Furthermore, worthy of mention is the fact that the FCT only has only 3 functional full-fledged special needs schools located in 2 of their 6 area councils: Kuje and Abuja Municipal. What this means is that most of the area councils, communities and chiefdoms of the original inhabitants(OIs) of Abuja will not be able to access these schools. Does it then mean that OIs do not have special-needs children who need to be educated? These schools do not have enough boarding facilities, how then can these children attend from their local communities. This is one of the many ways that the OIs of Abuja are unfortunately being denied basic rights by the government, not regarding the fact that amongst other basic rights, the right to education is one that should be given pride of place as education is a social leveler and indispensable in the empowerment and development of any people and more so the ones with disability.

The absence of designated special needs schools in these chiefdoms to cater for the special-needs children in these communities is a far-cry from the promise of free basic education for persons with disabilities and for all children that is entrenched in the law. There is thus, need for prompt action to be taken in this regard. More special needs schools need to be established, equipped and made functional across the FCT and attendance made compulsory for all children with special needs. This mandate can be enforced in communities using the agency of the traditional institution and leaders in the respective communities. Government also has to employ, train and retrain teachers and other relevant staff such as therapists, counselors and doctors who will work in these schools, to ensure that they provide best practices. These schools should be made free as stipulated in the Universal Basic Education Act of 2004 and supported by The Discrimination Against Persons with Disabilities(Prohibition) Act of 2019 to encourage families to send their children and wards.

On their part, families should desist from denying special-needs children the opportunity for basic education. Special-needs children have the potential to be just as great as any child and so should not be relegated to being used for begging. Families should not see children with disability as burdens or less important than those without any disability, rather they should encourage them to take advantage of available schools to acquire basic education and even go beyond that.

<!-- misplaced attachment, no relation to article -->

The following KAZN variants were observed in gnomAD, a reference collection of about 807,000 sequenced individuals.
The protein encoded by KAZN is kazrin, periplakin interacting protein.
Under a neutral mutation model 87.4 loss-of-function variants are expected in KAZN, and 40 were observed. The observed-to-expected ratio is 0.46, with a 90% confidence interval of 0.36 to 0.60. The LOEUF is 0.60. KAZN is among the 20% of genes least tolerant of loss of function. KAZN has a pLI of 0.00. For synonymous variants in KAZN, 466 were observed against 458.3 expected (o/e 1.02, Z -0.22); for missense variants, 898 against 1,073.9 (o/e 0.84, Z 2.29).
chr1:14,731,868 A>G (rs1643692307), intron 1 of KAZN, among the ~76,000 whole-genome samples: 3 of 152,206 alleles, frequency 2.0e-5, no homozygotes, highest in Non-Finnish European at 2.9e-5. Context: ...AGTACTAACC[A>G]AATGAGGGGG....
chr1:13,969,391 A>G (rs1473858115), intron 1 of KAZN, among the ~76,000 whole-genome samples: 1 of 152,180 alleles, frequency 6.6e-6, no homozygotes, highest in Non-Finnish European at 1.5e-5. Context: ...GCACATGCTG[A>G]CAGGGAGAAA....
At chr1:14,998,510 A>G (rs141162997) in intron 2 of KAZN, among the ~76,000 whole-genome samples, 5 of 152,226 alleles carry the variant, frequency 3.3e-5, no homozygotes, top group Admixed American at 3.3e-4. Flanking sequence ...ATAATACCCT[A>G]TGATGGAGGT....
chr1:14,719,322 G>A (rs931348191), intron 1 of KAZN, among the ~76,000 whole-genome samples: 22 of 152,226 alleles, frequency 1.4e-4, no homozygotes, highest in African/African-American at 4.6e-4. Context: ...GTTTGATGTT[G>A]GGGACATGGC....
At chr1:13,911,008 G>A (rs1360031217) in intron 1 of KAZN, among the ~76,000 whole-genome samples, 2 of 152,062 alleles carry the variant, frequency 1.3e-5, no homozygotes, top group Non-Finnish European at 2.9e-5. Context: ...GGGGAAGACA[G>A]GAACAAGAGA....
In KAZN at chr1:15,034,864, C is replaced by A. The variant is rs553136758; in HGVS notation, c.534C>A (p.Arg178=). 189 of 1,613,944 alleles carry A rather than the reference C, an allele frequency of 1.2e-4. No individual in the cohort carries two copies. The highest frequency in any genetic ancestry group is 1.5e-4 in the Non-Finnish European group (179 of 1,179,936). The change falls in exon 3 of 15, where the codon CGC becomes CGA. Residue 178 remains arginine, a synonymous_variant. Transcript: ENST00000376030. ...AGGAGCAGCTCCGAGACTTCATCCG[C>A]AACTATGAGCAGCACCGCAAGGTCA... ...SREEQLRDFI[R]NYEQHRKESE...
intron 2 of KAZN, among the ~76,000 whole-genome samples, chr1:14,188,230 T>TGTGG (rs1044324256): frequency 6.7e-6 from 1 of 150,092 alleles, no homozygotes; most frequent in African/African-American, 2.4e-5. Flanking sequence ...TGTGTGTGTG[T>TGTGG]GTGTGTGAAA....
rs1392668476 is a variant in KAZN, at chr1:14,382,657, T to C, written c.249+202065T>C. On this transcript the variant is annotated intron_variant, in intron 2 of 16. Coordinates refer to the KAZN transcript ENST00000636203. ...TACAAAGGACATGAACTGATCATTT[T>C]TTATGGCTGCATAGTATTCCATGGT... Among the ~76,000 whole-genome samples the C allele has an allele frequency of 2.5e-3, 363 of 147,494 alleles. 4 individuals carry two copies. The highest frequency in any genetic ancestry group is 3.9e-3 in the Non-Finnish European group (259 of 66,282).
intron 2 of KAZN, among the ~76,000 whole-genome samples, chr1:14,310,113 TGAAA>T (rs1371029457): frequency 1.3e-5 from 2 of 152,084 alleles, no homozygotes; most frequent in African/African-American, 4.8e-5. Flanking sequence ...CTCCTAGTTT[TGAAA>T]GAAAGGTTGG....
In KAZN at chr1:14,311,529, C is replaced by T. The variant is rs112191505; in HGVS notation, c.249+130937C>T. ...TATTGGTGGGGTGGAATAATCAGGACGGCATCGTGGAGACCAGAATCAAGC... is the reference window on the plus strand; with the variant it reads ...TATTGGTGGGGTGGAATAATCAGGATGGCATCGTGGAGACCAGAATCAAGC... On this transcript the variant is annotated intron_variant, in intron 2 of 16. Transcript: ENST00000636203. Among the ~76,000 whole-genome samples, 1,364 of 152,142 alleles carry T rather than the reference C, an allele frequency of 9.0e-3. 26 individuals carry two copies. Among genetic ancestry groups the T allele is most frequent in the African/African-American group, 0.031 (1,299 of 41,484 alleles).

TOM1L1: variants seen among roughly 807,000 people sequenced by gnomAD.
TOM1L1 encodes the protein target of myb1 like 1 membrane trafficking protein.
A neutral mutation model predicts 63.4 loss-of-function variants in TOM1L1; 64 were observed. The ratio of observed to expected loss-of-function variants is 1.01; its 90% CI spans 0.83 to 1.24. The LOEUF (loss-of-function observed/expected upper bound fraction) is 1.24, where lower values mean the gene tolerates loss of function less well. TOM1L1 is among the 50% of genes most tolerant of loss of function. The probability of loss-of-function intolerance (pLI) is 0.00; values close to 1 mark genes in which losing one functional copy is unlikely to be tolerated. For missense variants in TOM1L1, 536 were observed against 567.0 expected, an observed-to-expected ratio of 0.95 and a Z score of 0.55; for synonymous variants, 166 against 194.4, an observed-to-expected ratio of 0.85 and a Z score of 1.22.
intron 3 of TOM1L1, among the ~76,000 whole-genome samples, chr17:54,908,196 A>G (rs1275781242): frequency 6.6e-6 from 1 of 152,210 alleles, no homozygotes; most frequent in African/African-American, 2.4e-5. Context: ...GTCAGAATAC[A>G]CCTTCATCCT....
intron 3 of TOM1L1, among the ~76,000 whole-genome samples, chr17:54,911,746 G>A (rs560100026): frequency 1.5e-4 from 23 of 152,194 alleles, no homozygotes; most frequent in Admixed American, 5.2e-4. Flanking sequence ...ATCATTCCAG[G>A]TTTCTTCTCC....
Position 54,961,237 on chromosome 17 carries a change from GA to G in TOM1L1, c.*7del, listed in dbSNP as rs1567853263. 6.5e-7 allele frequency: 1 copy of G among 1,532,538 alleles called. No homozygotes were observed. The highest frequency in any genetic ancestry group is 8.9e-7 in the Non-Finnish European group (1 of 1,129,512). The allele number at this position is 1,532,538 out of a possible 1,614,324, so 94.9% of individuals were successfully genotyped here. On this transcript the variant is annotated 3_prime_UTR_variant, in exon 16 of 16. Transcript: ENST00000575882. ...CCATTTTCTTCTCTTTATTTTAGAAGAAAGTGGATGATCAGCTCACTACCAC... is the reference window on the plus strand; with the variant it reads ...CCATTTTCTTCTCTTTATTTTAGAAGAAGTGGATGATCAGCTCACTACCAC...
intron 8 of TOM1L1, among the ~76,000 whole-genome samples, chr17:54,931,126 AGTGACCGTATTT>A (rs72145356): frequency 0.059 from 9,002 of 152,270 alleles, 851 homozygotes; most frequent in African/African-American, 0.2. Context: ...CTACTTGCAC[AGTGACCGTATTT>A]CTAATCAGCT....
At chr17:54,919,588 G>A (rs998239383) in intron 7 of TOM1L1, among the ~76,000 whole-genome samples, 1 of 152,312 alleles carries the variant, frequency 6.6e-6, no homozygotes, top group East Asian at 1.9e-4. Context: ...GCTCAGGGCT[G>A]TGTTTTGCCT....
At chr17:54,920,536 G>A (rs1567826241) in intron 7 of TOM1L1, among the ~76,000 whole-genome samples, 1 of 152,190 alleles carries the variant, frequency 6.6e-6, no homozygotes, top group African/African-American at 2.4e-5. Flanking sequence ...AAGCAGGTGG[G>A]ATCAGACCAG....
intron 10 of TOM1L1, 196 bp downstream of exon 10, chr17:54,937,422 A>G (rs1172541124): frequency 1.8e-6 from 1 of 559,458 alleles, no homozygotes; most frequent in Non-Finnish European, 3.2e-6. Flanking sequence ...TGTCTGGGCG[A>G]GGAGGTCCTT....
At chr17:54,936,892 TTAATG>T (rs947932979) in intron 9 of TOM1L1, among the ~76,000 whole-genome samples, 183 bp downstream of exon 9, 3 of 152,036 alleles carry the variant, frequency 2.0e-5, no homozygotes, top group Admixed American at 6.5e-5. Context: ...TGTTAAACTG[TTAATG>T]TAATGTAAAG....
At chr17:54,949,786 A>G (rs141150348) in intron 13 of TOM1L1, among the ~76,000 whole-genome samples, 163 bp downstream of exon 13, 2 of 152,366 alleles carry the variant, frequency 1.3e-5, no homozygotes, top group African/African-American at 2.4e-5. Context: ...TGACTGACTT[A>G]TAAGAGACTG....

Communities should also stop propagating stereotypes and stigmatizing persons with disabilities and children with special-needs. They are humans just like everyone else and should be treated with respect and dignity.

In conclusion, children with special needs abound in our communities. They too like others, have the right to a standard and comprehensive primary education if they are to live a full life and contribute their quota to societal development rather than be a burden to their families and communities in the future. Many special needs children have grown to become professionals in different fields, professionals who are not only able to cater for themselves and their families while pulling their weight in society, but also, have become a source of inspiration for many other disabled, disadvantaged and even normal people. But sadly, these success stories represent a small percentage of the entire population of special-needs people due to one or more of the challenges mentioned previously. It therefore behooves on government, communities and families to play their part in addressing these challenges for the purpose of not only empowering these persons but also for the sake of inclusion, equity and the development and progress of the FCT and its chiefdoms.

FOOTNOTE

  1. https://educeleb.com/statistics-special-needs-schools-nigeria/
  2. http://www.jonapwd.org/Factsheet%20inclusive%20Education.pdf
  3. https://www.facebook.com/hipcityhub/videos/a-person-with-disability-pwd-talking-about-issueschallenges-faced-in-accessing-b/287997443469814/
  4. https://www.facebook.com/1083280435028633/videos/94843840586733

 

Dorcas Edet is a Programs Manager at HipCity Innovation Centre – a research and documentation organization working to promote resilient rural and urban communities.